A few years back, after reading Uniting Church and Home for the first time, I was struck with how much of my married life was spent busy in formal ministry. Ministry was often the reason or excuse I was much too busy to spend time cultivating hospitality in my home, too busy to reach out to neighbors or extended family.
[Side Note: My thought process has been on the move for the past several years. The simplicity of living whole-heartedly for the Lord (serving God all the time in a de-compartmentalized fashion and pouring my heart and soul into the things He has clearly given me as priorities) woos me with the excitement of new – and real — life. I warmed up quickly to the idea of my life being a Series of Divine Appointments (in lieu of a Series of Busy Entanglements). I have attempted to slow down to catch them.]
Honestly, though, I didn’t think I had a hospitable bone in my body. Part of my problem was that I thought hospitality was to be equated with entertaining, and it is most-definitely true that I do not have an entertaining bone in my body (unless you count being a goofball as entertaining). Somehow, I had the idea that to be hospitable meant I had to become some sort of concoction of Mrs. Cleaver, gourmet food server, keeper of a spotless house, and sharer of “cultured” conversation.
Reading Making Room: Recovering Hospitality as a Christian Tradition opened my eyes to what the word “hospitality” has meant throughout history. Hospitality, once an integral part of the Church, used to mean welcoming strangers into our homes, and taking care of the poor and homeless. As we have given these responsibilities over to institutions, the individual has ceased to feel ownership over the task of “hospitality.”
Making Room opened my eyes to the wonderful hospitality my parents have passed on to me. My dad worked at the Union Gospel Mission, practicing his heart for the hurting and needy. Mom and Dad invited at least half a dozen homeless men to live with us for extended periods of time. Dad even found one poor soul wandering at a gas station, and this man ended up staying with us for a few weeks before he disappeared (there is still talk that maybe he was an angel, although as a child I wondered if angels could possibly smoke cigarettes :)) My parents gave rides to smelly strangers often, and always stopped to help someone with a broken-down car. Some of these hospitable practices are just too much for me to try, in this day and age, as in giving strange men rides if Ron is not with me. I do try to listen to God’s Spirit for discernment over individual situations, and have found ways to reach out that are not as dangerous as asking someone to live with us.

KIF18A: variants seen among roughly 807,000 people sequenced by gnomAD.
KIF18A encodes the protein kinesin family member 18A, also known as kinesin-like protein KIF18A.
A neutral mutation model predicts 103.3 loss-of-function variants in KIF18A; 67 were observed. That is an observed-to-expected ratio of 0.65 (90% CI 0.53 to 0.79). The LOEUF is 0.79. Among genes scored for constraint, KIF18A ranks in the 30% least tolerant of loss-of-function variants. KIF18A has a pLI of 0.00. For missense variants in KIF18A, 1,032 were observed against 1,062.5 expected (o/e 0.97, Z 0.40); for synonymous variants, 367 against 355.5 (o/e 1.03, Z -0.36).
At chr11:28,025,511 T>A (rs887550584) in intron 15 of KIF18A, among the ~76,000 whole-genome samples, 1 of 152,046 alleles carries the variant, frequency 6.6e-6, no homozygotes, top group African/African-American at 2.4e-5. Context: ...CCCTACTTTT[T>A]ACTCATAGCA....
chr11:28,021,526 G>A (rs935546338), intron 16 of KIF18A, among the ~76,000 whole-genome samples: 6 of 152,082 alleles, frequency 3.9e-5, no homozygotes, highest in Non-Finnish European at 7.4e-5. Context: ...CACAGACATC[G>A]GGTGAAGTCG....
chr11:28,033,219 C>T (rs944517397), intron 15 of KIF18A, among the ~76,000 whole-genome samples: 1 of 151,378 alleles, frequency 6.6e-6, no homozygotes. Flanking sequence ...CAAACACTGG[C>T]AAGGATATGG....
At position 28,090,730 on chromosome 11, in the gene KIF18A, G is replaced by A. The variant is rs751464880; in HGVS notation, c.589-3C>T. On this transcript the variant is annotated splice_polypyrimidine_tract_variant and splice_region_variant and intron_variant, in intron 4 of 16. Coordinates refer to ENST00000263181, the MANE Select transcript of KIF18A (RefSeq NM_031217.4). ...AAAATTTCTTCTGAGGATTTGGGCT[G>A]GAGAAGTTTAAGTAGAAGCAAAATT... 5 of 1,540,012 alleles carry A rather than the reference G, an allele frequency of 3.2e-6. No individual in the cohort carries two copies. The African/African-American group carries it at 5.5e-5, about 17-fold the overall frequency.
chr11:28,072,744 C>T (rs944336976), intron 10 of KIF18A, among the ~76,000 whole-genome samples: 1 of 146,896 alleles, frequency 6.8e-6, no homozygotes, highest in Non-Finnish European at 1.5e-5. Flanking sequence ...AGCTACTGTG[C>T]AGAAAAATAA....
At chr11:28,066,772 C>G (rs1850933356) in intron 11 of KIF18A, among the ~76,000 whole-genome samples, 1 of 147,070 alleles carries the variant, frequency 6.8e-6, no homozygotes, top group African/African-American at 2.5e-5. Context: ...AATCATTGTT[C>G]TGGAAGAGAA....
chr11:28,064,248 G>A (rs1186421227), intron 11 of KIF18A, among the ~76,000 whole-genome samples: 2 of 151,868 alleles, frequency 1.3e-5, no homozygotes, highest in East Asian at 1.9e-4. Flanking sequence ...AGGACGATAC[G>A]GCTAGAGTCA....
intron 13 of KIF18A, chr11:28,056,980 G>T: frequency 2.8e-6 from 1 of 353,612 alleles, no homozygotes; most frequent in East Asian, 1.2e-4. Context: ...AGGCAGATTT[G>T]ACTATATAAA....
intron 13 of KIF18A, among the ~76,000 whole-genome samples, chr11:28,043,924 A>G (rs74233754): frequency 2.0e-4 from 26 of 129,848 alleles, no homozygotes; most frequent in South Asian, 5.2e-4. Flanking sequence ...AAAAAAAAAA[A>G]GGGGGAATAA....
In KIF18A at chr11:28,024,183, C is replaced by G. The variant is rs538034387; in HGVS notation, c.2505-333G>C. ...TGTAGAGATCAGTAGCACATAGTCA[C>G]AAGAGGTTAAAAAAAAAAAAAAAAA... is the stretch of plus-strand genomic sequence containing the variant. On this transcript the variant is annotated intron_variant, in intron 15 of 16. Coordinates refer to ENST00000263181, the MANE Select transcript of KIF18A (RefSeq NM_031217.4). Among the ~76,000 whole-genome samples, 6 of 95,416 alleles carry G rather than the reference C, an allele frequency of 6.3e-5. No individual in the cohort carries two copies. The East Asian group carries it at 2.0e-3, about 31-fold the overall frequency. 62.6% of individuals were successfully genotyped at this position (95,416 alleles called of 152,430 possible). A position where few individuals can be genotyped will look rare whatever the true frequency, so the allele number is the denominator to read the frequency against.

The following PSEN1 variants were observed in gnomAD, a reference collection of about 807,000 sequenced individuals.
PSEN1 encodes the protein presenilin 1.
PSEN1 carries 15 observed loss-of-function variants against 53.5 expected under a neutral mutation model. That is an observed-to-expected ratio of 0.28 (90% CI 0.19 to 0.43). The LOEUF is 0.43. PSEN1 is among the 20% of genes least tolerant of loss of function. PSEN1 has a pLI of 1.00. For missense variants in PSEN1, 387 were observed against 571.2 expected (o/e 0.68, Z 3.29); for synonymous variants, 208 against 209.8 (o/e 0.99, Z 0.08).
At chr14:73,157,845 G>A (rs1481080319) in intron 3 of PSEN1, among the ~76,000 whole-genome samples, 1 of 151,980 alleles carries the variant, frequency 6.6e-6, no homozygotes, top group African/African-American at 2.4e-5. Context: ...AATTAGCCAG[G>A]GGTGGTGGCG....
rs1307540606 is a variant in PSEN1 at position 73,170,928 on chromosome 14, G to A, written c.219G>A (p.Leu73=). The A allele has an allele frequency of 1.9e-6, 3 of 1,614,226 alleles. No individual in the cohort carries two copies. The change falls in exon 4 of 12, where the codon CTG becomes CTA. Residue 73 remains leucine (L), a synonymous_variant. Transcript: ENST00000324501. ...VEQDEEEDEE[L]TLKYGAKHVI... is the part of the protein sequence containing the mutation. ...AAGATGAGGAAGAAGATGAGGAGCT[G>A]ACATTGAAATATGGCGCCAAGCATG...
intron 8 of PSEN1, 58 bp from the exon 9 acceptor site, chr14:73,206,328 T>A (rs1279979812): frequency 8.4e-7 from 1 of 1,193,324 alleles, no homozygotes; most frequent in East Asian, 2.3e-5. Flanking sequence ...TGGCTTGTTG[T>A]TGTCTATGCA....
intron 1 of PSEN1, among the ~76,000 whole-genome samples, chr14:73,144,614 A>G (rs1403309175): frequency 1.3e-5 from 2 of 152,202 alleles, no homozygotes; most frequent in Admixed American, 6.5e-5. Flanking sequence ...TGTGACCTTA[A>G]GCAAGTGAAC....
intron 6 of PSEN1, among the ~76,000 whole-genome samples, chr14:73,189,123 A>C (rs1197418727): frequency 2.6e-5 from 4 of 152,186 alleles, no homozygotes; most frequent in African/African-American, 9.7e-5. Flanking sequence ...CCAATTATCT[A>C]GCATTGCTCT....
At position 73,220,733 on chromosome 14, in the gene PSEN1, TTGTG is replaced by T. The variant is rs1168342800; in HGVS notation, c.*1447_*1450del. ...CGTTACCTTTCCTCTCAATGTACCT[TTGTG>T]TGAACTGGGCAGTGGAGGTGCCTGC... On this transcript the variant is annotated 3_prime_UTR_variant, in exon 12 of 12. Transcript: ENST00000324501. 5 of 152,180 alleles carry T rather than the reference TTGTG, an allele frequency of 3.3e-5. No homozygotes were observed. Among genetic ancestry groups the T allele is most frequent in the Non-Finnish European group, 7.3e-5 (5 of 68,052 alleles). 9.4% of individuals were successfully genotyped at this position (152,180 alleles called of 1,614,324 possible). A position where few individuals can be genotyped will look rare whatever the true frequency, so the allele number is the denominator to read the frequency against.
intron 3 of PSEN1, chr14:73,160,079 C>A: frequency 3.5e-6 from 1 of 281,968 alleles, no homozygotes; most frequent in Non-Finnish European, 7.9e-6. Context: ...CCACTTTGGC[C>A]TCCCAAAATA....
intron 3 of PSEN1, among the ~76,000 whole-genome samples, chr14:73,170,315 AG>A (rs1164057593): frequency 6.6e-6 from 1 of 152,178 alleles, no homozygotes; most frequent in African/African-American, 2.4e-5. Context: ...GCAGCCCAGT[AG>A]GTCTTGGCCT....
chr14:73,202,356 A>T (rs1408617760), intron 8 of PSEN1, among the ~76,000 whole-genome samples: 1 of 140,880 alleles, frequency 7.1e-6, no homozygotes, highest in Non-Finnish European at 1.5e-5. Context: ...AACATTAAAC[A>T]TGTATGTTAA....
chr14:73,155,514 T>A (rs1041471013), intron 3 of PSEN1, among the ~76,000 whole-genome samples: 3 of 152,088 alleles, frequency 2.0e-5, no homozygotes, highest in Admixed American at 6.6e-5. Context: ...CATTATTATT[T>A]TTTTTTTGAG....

Beyond ministering to the needy, there is another hospitality ministry given to us Christians that involves reaching out to each other and our neighbors through our homes — and this ministry is not identical to entertaining others. Recently reading Open Heart, Open Home by Karen Mains, I was struck again by the difference between hospitality and entertaining:
ENTERTAINING V. HOSPITALITY
Secular entertaining is a terrible bondage. Its source is human pride. Demanding perfection, fostering the urge to impress, it is a rigorous taskmaster that enslaves. In contrast, scriptural hospitality is a freedom that liberates.
Entertaining says, “I want to impress you with my beautiful home, my clever decorating, my gourmet cooking.” Hospitality, however, seeks to minister. It says, “This home is not mine. It is truly a gift from my Master. I am his servant, and I use it as he desires.” Hospitality does not try to impress but to serve.
Entertaining always puts things before people. “As soon as I get the house finished, the living room decorated, my place settings complete, my housework done — then I will start having people in.” The So-and-so’s are coming. I must buy that new such-and-such before they come.” Hospitality, however, puts people before things. We have no furniture; we’ll eat on the floor.” “The decorating may never get done. Please come just the same.” “The house is a mess, but these people are friends. We never get to see them. Let’s have this time together anyway.”
Because we are afraid to allow people to see us as we really are, we welcome the false ideal of entertaining. To perpetuate the illusion, we must pretend we love housework, never put our hair in rollers (does anyone do this anymore? I get the point, though!), our children are so well disciplined that they always pick up their toys. We must hint broadly that we manage our busy lives without difficulty. Working hard to keep people from recognizing our weak points, we also prevent them from loving us in our weakness.